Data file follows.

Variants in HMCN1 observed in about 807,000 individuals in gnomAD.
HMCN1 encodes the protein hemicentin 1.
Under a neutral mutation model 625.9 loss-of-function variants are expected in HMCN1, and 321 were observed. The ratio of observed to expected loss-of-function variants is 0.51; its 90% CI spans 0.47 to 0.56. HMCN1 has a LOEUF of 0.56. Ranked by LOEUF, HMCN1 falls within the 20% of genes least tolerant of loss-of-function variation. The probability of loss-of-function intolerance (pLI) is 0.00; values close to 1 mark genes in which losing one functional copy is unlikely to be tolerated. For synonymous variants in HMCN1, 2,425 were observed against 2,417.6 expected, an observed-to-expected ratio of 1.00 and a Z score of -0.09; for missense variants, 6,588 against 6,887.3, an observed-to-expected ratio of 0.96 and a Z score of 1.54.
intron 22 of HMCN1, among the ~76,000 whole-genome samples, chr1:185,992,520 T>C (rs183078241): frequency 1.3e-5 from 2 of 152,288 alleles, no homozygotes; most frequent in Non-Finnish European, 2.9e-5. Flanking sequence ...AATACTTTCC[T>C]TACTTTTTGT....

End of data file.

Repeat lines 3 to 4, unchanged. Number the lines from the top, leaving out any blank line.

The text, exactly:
Under a neutral mutation model 625.9 loss-of-function variants are expected in HMCN1, and 321 were observed. The ratio of observed to expected loss-of-function variants is 0.51; its 90% CI spans 0.47 to 0.56. HMCN1 has a LOEUF of 0.56. Ranked by LOEUF, HMCN1 falls within the 20% of genes least tolerant of loss-of-function variation. The probability of loss-of-function intolerance (pLI) is 0.00; values close to 1 mark genes in which losing one functional copy is unlikely to be tolerated. For synonymous variants in HMCN1, 2,425 were observed against 2,417.6 expected, an observed-to-expected ratio of 1.00 and a Z score of -0.09; for missense variants, 6,588 against 6,887.3, an observed-to-expected ratio of 0.96 and a Z score of 1.54.
intron 22 of HMCN1, among the ~76,000 whole-genome samples, chr1:185,992,520 T>C (rs183078241): frequency 1.3e-5 from 2 of 152,288 alleles, no homozygotes; most frequent in Non-Finnish European, 2.9e-5. Flanking sequence ...AATACTTTCC[T>C]TACTTTTTGT....